Tiffany Perez

Thickening Agents

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Hi all - so I've really struggled to find an appropriate thickening agent that is compliant.  I've tried almond, coconut, and potato flour - I've tried them individually and I've tried to kinda mix and match them to work appropriately and (frankly) it just tics me off.  All of them have either a flavor and/or texture that doesn't work.  Or they just don't work period.  I've not tried arrowroot or tapioca - but have heard that they are gelatinous - which I won't like either.

 

I'm not a "replacements" person - cauliflower rice is not rice, spaghetti squash is not pasta, etc.  When I say I want a thickening agent I want something that functionally will replace flour or corn starch.

 

Is this an endeavor I should just give up on or does anyone know of a functional thickening agent?

 

Thanks

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I think it depends on your definition of 'functional'.  I use arrowroot and tapioca but yes without being very careful, you can end up with something a bit gelatinous... the nut flours are not going to work the same because they'll always be gritty due to the fact they're ground up nuts... 

Maybe someone will have a great idea but each thing is going to have its own properties and none of them are going to line up to flour or cornstarch.

What is it you're using it for?  Maybe that'll help with suggestions.

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I liked the texture of a stir fry I made using arrowroot and I didn’t feel like it changed the taste much, if it all.

I definitely recommend trying that or tapioca starch! My favorite Paleo blogger also appears to use one of the two in gravy recipes...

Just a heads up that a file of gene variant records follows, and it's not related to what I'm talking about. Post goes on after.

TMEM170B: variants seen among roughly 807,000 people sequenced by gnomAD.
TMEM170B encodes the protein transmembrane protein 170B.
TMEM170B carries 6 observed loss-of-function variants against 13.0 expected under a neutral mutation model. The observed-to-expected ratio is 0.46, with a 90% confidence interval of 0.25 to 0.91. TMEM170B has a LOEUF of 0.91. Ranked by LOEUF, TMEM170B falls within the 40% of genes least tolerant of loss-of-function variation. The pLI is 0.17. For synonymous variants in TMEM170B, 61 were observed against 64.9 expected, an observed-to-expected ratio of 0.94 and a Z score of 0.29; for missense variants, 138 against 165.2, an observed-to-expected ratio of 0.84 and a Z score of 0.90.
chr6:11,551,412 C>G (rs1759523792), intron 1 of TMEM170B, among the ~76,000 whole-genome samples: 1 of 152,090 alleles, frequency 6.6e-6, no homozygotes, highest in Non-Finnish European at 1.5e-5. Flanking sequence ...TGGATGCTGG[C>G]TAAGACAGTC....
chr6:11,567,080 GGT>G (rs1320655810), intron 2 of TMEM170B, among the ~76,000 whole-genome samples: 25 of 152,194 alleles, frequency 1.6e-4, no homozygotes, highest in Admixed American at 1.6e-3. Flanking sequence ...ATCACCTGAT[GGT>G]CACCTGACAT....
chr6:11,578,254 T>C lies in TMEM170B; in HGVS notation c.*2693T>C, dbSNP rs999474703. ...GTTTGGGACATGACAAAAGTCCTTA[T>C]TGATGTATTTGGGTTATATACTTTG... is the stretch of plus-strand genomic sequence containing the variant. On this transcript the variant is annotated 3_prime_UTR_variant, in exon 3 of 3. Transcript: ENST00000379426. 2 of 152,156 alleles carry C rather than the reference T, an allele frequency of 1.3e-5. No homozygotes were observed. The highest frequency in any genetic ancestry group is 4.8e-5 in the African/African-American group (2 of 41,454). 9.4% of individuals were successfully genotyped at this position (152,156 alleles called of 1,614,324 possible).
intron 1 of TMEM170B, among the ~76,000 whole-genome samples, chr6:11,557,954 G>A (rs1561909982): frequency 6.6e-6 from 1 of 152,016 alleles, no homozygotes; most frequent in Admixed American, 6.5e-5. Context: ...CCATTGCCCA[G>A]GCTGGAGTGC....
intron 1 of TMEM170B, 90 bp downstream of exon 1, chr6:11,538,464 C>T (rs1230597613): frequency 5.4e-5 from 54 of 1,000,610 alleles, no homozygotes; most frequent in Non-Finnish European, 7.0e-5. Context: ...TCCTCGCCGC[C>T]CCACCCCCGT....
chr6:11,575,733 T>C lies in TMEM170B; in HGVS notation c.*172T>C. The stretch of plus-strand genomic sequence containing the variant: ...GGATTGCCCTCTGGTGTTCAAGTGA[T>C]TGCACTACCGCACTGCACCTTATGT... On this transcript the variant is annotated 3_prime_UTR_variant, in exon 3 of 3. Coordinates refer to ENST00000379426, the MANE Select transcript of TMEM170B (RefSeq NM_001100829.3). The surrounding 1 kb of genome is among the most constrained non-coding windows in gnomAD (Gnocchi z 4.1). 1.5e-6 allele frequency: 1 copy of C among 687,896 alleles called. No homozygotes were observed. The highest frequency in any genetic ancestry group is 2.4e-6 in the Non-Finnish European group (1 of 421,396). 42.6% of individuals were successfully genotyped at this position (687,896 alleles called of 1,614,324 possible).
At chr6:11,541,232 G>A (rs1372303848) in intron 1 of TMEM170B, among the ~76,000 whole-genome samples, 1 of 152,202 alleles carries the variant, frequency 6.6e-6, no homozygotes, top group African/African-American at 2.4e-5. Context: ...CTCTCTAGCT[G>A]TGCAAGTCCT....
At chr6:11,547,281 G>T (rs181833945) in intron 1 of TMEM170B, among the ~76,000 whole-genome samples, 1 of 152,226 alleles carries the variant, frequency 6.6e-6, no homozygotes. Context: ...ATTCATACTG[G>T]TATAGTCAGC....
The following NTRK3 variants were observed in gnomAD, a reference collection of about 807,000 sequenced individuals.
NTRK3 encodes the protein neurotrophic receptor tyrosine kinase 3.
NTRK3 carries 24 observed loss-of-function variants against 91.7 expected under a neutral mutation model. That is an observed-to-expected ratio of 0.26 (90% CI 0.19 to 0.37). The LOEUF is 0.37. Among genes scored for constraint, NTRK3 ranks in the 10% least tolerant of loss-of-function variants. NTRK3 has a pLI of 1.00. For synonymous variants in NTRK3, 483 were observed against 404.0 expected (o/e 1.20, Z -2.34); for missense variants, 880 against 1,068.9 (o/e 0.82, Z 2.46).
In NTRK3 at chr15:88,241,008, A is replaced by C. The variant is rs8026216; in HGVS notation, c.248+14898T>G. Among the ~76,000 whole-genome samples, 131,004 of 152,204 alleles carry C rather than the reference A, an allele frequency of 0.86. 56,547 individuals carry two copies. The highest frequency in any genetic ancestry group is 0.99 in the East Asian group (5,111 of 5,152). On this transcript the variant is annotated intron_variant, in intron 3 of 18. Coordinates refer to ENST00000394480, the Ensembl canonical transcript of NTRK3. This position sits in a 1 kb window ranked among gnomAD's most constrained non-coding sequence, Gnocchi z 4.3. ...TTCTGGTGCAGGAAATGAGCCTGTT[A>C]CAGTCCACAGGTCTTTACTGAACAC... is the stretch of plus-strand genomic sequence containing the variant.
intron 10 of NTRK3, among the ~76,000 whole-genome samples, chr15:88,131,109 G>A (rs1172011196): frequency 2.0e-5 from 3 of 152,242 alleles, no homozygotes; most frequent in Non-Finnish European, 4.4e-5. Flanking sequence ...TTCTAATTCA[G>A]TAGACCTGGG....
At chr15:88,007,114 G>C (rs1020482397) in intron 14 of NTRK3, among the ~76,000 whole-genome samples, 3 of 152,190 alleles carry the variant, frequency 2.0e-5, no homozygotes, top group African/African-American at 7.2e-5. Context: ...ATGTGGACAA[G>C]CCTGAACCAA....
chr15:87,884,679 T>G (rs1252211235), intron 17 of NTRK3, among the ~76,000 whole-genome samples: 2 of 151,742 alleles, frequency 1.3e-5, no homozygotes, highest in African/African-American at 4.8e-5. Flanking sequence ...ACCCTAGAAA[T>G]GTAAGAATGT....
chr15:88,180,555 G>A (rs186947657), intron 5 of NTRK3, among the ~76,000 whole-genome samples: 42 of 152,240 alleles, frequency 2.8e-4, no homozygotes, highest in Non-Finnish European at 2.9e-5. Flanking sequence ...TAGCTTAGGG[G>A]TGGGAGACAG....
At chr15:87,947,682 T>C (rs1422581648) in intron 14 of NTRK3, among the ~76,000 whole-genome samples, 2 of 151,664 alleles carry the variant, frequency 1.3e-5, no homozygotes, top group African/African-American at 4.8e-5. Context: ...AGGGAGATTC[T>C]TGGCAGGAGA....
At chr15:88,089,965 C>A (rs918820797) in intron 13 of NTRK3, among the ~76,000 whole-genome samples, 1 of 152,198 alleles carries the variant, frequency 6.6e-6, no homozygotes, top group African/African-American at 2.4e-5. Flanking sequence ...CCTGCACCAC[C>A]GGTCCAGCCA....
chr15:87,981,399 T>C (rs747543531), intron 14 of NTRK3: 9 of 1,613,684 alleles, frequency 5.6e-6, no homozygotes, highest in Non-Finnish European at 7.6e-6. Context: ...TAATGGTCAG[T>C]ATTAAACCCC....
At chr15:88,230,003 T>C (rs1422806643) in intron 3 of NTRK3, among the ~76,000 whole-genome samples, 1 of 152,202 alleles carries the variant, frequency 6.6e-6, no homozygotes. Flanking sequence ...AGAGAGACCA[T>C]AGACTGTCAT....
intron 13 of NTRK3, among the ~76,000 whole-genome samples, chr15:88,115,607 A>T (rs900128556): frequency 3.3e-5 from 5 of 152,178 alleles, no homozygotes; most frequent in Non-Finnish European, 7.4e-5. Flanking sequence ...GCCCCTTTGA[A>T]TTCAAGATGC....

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Most things can be cooked longer to reduce them. Let it simmer, stirring it occasionally. The flavors will concentrate, so you may want to not add as much salt and spices as you normally would. Here's some general tips on reducing sauces:  https://www.bonappetit.com/test-kitchen/cooking-tips/article/how-to-make-a-reduction -- obviously you can't add the butter as suggested in one step, and I don't really know if adding ghee would have the same effect. And the recipes linked are probably not Whole30 compliant, though I didn't actually click through and look. And while this specifically talks about sauces, you can do the same for soups or stews. It does take longer, but you might be happier with the results if you don't find a thickener that works for you.

The other thing I'd suggest, if you haven't already, is find some recipes that are Whole30 compliant that are similar to whatever you want to make, and see how they do it.  For instance, here's a  chicken and gravy recipe that's good:  https://nomnompaleo.com/post/4807547385/slow-cooker-roast-chicken-and-gravy, or here's a stew recipe: http://meljoulwan.com/2014/04/02/slow-cooker-osso-buco-stew/  or just google Whole30 plus whatever you're wanting to make. Odds are, someone out there has already made it, so you might as well take advantage of their knowledge rather than redoing stuff they probably already tried and decided didn't work well.